A trio of crab fishermen had a very bad day earlier this week about a mile from my dad's house:
A crab fishing boat flipped on its side in the surf at Francis State Beach early Tuesday morning, sending three crew members scrambling to the beach. All three men were reportedly uninjured.
The incident occurred about 1 a.m. Tuesday. The U.S. Coast Guard dispatched a helicopter and rescue boat from their San Francisco stations and, upon arrival, rescuers found the three crew members clinging to the hull of the listing “Phyllis J.”
Coast Guard Lt. j.g. Laura Williams said the three unidentified crewmen apparently were able to make it to shore on their own and that none of the men required medical attention.
Other reports in the town's printed newspaper suggest owner Larry Fortado and two crew members each thought another man was taking watch as the boat headed to its home dock a few miles away. Right now, local, state, and Federal authorities have to deal with the accident's environmental fallout:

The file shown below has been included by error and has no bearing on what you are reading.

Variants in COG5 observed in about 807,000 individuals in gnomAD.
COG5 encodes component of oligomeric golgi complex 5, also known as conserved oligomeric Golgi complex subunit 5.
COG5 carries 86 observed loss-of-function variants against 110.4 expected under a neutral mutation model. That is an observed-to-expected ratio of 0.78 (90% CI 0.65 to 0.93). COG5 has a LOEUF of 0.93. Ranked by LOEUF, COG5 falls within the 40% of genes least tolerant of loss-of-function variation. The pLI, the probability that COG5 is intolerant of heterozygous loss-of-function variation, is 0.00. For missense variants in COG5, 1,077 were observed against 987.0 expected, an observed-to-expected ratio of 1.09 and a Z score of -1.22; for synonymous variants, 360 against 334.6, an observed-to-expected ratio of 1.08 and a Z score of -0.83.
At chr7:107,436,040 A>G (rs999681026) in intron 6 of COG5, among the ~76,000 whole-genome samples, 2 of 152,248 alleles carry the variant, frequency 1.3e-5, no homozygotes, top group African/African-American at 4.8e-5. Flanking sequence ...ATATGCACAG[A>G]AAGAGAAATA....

In the past two days, a joint response team of public agencies and private companies were able to avoid a potential oil spill by draining 2,000 gallons of diesel fuel and 500 gallons of residual contaminants from the boat, despite being challenged by blustery winds and tide at its grounded location in the surf zone.
"The plan is to cut the vessel in half, and move the boat up on the beach right next to the bluff," Parker said. "Then a crane at the edge of the bluff will pull it up and get it on a transport to the owner's yard, where he'll weld it back together."
When Dad and I checked out the wreck yesterday afternoon, the salvage crew had started trying to tow the boat farther onto the beach, but the machines couldn't get enough traction.
I imagine Fortado will be crabby for some time.